If you have access to OneMine as part of a member benefit, log in through your member association website for a seamless user experience.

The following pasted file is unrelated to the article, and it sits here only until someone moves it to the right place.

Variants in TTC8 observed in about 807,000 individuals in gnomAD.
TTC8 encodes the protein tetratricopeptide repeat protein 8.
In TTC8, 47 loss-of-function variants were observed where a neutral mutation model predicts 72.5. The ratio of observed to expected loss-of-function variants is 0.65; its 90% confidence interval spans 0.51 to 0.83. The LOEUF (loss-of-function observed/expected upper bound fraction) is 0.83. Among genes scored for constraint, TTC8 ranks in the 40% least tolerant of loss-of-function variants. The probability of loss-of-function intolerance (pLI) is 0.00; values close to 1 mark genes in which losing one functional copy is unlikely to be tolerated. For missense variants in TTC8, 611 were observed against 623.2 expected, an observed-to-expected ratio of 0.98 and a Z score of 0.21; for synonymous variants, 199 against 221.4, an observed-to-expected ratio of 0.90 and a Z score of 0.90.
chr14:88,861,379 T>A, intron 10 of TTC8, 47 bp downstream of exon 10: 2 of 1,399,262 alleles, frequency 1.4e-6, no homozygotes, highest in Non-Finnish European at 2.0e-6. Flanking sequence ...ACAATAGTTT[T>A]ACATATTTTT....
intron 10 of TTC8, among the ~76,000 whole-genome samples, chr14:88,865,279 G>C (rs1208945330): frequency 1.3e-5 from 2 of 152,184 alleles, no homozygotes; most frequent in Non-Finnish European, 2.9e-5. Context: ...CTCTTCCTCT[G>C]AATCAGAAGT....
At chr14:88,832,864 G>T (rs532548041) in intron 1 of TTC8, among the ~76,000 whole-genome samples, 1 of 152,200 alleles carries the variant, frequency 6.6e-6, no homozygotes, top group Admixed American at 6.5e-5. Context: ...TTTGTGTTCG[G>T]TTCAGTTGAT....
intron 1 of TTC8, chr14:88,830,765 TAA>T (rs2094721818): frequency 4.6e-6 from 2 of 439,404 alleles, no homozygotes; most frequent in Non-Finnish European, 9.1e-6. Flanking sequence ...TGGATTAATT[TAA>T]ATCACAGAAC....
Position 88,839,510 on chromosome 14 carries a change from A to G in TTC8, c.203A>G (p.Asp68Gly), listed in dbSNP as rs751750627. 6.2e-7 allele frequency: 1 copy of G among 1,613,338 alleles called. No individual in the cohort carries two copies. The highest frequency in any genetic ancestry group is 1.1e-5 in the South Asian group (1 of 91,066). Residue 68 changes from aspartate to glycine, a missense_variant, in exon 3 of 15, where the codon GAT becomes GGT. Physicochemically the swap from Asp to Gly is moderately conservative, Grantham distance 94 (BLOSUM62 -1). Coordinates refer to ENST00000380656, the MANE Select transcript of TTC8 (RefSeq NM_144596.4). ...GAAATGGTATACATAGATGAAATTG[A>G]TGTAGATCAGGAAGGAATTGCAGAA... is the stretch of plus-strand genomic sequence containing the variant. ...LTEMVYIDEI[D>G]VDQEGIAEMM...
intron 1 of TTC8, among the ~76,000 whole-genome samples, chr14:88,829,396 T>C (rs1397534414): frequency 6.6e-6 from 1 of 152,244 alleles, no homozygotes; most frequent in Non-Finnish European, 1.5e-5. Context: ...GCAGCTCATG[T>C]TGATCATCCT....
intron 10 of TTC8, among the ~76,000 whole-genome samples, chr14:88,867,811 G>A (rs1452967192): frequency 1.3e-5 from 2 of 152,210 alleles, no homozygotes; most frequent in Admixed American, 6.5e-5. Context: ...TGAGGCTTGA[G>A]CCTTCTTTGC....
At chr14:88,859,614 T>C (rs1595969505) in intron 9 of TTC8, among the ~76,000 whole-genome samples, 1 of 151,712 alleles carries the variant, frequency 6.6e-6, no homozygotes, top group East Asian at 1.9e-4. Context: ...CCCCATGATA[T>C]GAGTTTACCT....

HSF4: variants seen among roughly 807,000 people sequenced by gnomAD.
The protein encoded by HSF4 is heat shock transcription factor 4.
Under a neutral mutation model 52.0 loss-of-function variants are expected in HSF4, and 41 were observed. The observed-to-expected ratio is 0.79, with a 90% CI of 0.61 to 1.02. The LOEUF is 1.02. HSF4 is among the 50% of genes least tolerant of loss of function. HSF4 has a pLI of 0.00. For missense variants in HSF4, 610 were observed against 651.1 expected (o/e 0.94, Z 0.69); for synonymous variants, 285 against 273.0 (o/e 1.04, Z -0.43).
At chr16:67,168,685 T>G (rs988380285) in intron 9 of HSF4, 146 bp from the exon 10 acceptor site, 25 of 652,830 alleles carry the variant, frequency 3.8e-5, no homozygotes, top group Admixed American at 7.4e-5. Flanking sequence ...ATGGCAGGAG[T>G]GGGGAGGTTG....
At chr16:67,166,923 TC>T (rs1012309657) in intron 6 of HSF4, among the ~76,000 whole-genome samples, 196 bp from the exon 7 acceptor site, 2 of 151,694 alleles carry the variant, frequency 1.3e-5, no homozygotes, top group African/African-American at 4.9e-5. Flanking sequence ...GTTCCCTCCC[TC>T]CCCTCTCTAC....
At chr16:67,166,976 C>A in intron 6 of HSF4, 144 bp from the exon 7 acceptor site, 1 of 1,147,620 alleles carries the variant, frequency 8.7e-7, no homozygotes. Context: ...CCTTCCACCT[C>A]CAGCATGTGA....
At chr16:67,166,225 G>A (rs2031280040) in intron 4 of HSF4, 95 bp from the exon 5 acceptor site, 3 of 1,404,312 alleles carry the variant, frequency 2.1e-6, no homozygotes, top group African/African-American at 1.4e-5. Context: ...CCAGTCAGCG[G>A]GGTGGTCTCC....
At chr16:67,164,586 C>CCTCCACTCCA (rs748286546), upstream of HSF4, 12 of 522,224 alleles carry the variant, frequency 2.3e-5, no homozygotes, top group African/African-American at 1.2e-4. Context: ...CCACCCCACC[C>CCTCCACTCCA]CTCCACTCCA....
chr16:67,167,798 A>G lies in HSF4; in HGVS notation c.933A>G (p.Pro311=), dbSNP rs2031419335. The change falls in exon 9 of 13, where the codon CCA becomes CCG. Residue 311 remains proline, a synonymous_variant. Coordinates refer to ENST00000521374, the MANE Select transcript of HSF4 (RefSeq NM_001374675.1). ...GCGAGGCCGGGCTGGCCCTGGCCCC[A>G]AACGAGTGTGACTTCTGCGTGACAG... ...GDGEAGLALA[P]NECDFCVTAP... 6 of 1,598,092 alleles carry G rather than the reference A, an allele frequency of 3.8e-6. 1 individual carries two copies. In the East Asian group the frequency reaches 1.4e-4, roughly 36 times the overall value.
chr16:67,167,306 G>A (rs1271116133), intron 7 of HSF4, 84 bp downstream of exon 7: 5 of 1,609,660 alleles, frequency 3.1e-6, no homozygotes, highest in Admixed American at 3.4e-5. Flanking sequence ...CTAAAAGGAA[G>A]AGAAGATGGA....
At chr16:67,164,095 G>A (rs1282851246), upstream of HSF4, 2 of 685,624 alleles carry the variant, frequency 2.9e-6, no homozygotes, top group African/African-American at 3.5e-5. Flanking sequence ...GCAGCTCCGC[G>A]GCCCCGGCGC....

|INTRODUCTION The simplest way to drill a hole into rock is to strike a steel chisel or drill bit with a hammer. Early miners used this elementary hand technique so successfully in "single jacking" and "double jacking" that the first mechanical rock-drill designers sought to duplicate it. However, in the early developments, the designers were forced to retreat to a construction known as the "piston drill," wherein the entire drilling element is tied to the piston and reciprocates with it. It took nearly 50 years to devise a method of divorcing the two elements and to achieve the original hammer principle used in hand drilling. The Mont Cenis tunnel, drilled through the French Alps in 1861, usually is considered the birthplace of the mechanical rock drill. The Hoosac tunnel in Massa¬chusetts was drilled at about the same time, and the success of these two ventures paved the way for innova¬tions that produced the Burleigh, Ingersoll, Sergeant, and Waugh piston drills between 1870 and the turn of the century. In 1897, George Leyner of Colorado introduced what has been considered the most significant development in rock-drill history. He devised the hollow drill steel for water flushing; when combined with his free-piston hammer drill, this became the first lightweight and dust¬free underground machine. In addition, Leyner's drills introduced improvements such as automatic rifle-bar rotation of the drill steel and chuck, automatic lubrica¬tion, and an enclosed throttle control. During the 1920s and 1930s, automatic feeds, centralizers, sliding cones, and the automatic water back head were developed, laying the groundwork for all pneumatic underground drills currently in use. Since these pioneering efforts, rock-drill development has been concerned primarily with refining the designs and improving the metallurgy to make faster, lighter, and more dependable machines. Fig. 1 illustrates the progress in drilling speed during the first 125 years of rock-drill development; that progress is a credit to the persistence and inventiveness of the designers in the rock-drilling industry. ROCK-DRILL CLASSIFICATIONS To meet the variety of conditions encountered in rock drilling, several distinct types of drills have been de¬veloped. In general, rock drills may be classified as either hand-held or mounted, with the hand-held ma¬chines including the jackhammer or sinker, the jackdrill or jackleg, and the stoper. The mounted drills are com¬monly known as "drifters." Table 1 shows that each type of drill is available in several sizes from different manufacturers. Fig. 2 illustrates a typical rock drill, showing the principal components. The jackhammer or sinker, shown in Fig. 3, is used primarily for general mine utility work such as drilling anchor holes (short vertical holes to bolt or anchor machinery), pin holes (short, usually horizontal holes to fasten sheaves, etc. to side walls), popholes (for blasting large boulders), and similar applications. They also are used for shaft sinking. Jackhammers are classified ac¬cording to weight, and they range from 7 to 30 kg (15 to 65 lb). The rock drill originally known as a jackleg was made by clamping a pneumatic cylinder or leg to a jack¬hammer, both to support the weight of the machine and to feed the tool forward in horizontal or uphole work. The more modern jackdrill refined this concept to make the hinged pivot for the leg integral with the drill cylinder and to group all drill and leg controls in the drill back head for convenience. Fig. 4 illustrates a typical jackdrill. Jackdrills are classified according to cylinder bore size, ranging from 60 to 83 mm (2.375 to 3.25 in.). Because of their light weight and versatility, jack drills are very effective in small drifts, small tunnel head¬ings, and stoping. The larger machines are applied to hardrock formations and in applications where drilling speed is a primary consideration. In soft formations or|